Myocilin is a glycoprotein that exists in glycosylated and nonglycosylated forms, with molecular weights of 66 kd and 55 kd.4- 6 It is present both intracellularly and extracellularly.4- 6 Myocilin protein consists of 504 amino acids and has 2 major domains: a myosin-like domain near the N terminal, and an olfactomedin-like domain near the C terminal (Figure 1).4- 6 Most of the mutations in MYOC associated with glaucoma are in the olfactomedin domain.1,2 Olfactomedins are a family of mucus proteins that are predominately found in nasal mucus.20 Myocilin protein has several noteworthy elements, including (1) a "leucine zipper" region: this is a series of 7 leucine molecules (amino acids) in a configuration that might allow it to interact with leucine zippers present in other proteins; using these zippers, MYOC could also form dimers or oligomers with itself; (2) multiple possible sites for glycosylation and phosphorylation; (3) presumed binding sites for hyaluronic acid and heparan sulfate4,7,21; and (4) a "signal sequence" of 32 amino acids at the N terminal of the molecule, which is usually found in molecules secreted extracellularly.
The structure of MYOC protein is conserved through evolution, with 80% or more homogeneity of amino acids between human and mouse MYOC.8,9 This cross-species presence is in keeping with a presumed physiologic role for MYOC, though the role is unknown. Comparison of the sequence of MYOC across species can be helpful in understanding which domains are of functional importance. The preservation of the leucine zipper motifs and sites for glycosylation and phosphorylation between mouse and man suggests that these play a vital role in the function of the protein, while regions not conserved across species are presumably not as critical to its function.9
The normal physiologic function of MYOC in the cell is unknown. It may serve a structural function within the cytoplasm, or it may associate with other molecules within the cell, perhaps as a molecular chaperone. Extracellularly, it may be involved in creating resistance to aqueous outflow by binding to other extracellular molecules or to the cell membrane of trabecular cells.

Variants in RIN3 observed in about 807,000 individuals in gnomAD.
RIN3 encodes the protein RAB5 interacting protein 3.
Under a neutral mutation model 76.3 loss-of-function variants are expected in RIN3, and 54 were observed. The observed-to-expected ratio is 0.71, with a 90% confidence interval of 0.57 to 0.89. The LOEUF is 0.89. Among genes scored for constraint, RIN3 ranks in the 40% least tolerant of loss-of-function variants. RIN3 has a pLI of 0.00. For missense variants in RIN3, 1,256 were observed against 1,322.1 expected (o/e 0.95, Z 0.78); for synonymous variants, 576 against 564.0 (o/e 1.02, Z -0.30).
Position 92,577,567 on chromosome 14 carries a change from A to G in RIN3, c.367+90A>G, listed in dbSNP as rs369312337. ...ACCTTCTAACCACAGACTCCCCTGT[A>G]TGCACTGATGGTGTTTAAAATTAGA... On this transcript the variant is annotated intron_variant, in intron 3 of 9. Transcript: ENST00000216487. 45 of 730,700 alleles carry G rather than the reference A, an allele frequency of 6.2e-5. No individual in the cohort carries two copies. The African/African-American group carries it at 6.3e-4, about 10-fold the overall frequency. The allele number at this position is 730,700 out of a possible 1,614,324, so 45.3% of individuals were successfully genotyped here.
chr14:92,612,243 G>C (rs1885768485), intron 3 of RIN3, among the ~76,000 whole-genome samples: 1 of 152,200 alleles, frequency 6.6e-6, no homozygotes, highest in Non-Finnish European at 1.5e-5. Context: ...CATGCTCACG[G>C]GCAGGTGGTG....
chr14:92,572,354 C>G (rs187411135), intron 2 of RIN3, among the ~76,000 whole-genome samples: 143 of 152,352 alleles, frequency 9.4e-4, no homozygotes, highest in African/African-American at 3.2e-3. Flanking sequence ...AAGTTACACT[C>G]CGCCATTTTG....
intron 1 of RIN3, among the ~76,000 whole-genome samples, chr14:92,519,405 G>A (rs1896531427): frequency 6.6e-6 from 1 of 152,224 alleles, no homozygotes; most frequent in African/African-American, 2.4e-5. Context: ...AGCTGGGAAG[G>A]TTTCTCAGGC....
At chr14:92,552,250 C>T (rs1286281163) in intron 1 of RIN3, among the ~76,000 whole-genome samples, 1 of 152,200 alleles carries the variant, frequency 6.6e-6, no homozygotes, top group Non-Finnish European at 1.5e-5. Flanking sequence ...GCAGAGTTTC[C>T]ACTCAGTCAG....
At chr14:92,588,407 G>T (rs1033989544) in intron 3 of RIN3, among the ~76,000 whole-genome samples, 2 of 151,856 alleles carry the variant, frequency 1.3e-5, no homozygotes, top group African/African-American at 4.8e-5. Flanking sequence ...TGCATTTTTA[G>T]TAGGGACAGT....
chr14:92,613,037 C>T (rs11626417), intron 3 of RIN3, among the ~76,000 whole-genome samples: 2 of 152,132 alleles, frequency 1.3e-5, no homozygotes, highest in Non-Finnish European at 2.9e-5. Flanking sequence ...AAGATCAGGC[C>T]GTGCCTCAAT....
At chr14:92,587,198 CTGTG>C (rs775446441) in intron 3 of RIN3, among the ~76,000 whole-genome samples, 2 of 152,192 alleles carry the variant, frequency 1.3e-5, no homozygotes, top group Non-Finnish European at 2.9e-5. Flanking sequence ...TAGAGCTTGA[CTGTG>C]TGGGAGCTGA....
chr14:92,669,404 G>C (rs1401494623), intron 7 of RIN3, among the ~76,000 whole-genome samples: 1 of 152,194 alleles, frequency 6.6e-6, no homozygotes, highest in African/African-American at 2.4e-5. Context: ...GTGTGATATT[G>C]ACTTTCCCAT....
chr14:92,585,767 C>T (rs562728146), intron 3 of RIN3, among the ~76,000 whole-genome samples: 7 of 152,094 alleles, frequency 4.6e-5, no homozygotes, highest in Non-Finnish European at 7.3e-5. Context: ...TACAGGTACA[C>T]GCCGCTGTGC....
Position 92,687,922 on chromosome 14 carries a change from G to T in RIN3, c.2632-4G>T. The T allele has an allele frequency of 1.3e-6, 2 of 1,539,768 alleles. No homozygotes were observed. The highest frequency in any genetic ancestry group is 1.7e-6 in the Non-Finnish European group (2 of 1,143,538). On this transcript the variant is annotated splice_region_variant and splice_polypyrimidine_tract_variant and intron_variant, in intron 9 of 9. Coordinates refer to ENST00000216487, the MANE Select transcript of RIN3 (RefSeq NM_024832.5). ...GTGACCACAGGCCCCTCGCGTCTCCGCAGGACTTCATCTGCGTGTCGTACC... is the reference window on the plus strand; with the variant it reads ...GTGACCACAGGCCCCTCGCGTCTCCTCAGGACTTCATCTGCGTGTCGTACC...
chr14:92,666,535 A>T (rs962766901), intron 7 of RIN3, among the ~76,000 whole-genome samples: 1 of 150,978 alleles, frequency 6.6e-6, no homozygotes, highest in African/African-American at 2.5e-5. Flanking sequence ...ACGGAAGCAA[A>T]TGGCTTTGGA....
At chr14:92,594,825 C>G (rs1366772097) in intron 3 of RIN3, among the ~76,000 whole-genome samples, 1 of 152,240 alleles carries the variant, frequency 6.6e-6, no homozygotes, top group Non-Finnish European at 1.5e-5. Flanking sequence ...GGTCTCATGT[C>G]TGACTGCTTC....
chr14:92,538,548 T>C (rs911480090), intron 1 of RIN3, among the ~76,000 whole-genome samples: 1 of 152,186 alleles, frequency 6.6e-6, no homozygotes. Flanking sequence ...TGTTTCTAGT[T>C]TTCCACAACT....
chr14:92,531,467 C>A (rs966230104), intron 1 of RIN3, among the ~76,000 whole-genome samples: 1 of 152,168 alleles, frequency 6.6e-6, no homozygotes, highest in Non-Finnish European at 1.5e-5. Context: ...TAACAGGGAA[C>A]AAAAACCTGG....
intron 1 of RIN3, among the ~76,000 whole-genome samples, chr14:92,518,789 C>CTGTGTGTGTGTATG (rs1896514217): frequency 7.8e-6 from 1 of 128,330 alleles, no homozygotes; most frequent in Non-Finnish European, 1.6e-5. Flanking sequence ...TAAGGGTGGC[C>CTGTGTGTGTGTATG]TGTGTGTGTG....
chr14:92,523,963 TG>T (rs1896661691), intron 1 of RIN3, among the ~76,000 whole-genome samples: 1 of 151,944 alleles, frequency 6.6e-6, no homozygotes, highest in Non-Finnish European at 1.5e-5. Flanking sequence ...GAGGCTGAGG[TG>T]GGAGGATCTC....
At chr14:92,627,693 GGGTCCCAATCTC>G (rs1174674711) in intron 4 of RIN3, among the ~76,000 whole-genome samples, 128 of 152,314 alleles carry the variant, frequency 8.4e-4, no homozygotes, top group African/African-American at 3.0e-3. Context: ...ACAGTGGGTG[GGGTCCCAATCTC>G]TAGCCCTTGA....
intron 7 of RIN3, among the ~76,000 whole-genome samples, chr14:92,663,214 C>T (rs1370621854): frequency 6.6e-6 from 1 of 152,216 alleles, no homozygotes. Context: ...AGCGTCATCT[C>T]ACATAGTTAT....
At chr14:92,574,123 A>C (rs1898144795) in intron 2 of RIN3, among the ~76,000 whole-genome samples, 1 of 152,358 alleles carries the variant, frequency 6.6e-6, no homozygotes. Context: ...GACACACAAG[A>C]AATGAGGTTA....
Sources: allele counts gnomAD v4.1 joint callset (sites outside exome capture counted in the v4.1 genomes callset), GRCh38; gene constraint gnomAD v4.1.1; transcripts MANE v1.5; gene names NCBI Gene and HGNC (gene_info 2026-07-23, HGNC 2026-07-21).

In addition to studies of the MYOC protein and gene, attention has focused on the promoter region of MYOC. Promoters are gene elements "upstream" from the protein-encoding DNA sequence. They control the amount of protein produced by the gene by regulating transcription of the protein-coding portions of the DNA. The promoter region of MYOC has been identified and contains regions (consensus motifs) that are responsive to glucocorticoids and a number of other hormones.4- 6 The presence of this glucocorticoid response element may explain the increase in the amount of normal MYOC protein present in cultured trabecular cells from susceptible patients after corticosteroid treatment.4- 6,22
Juvenile open-angle glaucoma has an earlier age of onset, higher intraocular pressure (IOP), and more severe course than adult-onset POAG. In addition, trabecular meshwork from eyes with JOAG has a markedly different appearance than that of eyes with POAG when examined with the electron microscope. Histologic studies of JOAG report the accumulation of an abnormal basement membrane-like material within the trabecular meshwork, which may fill the meshwork and disrupt Schlemm's canal.23- 25 This differs dramatically from the changes of adult-onset POAG: thickening of tendon and tendon-sheath material within the meshwork.26,27 The changes of JOAG are strikingly similar to those of corticosteroid-induced glaucoma in which the meshwork also contains accumulations of abnormal basement membrane-like material, often in whorls resembling a fingerprint (Figure 2, Figure 3, and Figure 4). 28,29